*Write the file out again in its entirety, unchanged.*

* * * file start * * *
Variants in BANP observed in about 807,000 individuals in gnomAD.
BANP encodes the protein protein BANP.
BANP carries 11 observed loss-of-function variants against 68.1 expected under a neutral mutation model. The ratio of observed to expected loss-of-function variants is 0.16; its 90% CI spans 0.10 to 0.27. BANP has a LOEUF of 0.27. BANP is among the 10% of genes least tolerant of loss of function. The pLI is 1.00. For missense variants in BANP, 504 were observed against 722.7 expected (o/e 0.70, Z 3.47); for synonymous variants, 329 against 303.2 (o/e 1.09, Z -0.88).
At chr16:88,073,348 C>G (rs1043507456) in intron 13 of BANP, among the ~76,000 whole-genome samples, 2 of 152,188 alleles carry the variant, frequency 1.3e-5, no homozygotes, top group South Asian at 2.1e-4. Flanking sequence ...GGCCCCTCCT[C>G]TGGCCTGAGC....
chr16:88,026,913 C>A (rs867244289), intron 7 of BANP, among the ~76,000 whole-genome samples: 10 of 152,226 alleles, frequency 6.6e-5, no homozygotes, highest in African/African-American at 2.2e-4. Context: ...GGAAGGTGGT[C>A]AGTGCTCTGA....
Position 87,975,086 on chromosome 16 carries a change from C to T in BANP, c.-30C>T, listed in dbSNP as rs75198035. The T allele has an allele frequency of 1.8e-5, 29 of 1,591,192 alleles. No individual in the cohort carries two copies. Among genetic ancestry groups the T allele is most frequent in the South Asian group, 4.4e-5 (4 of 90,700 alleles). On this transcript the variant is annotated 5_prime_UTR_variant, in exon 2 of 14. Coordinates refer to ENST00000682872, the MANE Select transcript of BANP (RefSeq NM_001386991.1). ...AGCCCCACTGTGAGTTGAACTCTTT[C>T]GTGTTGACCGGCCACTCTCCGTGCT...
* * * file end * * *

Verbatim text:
Variants in BANP observed in about 807,000 individuals in gnomAD.
BANP encodes the protein protein BANP.
BANP carries 11 observed loss-of-function variants against 68.1 expected under a neutral mutation model. The ratio of observed to expected loss-of-function variants is 0.16; its 90% CI spans 0.10 to 0.27. BANP has a LOEUF of 0.27. BANP is among the 10% of genes least tolerant of loss of function. The pLI is 1.00. For missense variants in BANP, 504 were observed against 722.7 expected (o/e 0.70, Z 3.47); for synonymous variants, 329 against 303.2 (o/e 1.09, Z -0.88).
At chr16:88,073,348 C>G (rs1043507456) in intron 13 of BANP, among the ~76,000 whole-genome samples, 2 of 152,188 alleles carry the variant, frequency 1.3e-5, no homozygotes, top group South Asian at 2.1e-4. Flanking sequence ...GGCCCCTCCT[C>G]TGGCCTGAGC....
chr16:88,026,913 C>A (rs867244289), intron 7 of BANP, among the ~76,000 whole-genome samples: 10 of 152,226 alleles, frequency 6.6e-5, no homozygotes, highest in African/African-American at 2.2e-4. Context: ...GGAAGGTGGT[C>A]AGTGCTCTGA....
Position 87,975,086 on chromosome 16 carries a change from C to T in BANP, c.-30C>T, listed in dbSNP as rs75198035. The T allele has an allele frequency of 1.8e-5, 29 of 1,591,192 alleles. No individual in the cohort carries two copies. Among genetic ancestry groups the T allele is most frequent in the South Asian group, 4.4e-5 (4 of 90,700 alleles). On this transcript the variant is annotated 5_prime_UTR_variant, in exon 2 of 14. Coordinates refer to ENST00000682872, the MANE Select transcript of BANP (RefSeq NM_001386991.1). ...AGCCCCACTGTGAGTTGAACTCTTT[C>T]GTGTTGACCGGCCACTCTCCGTGCT...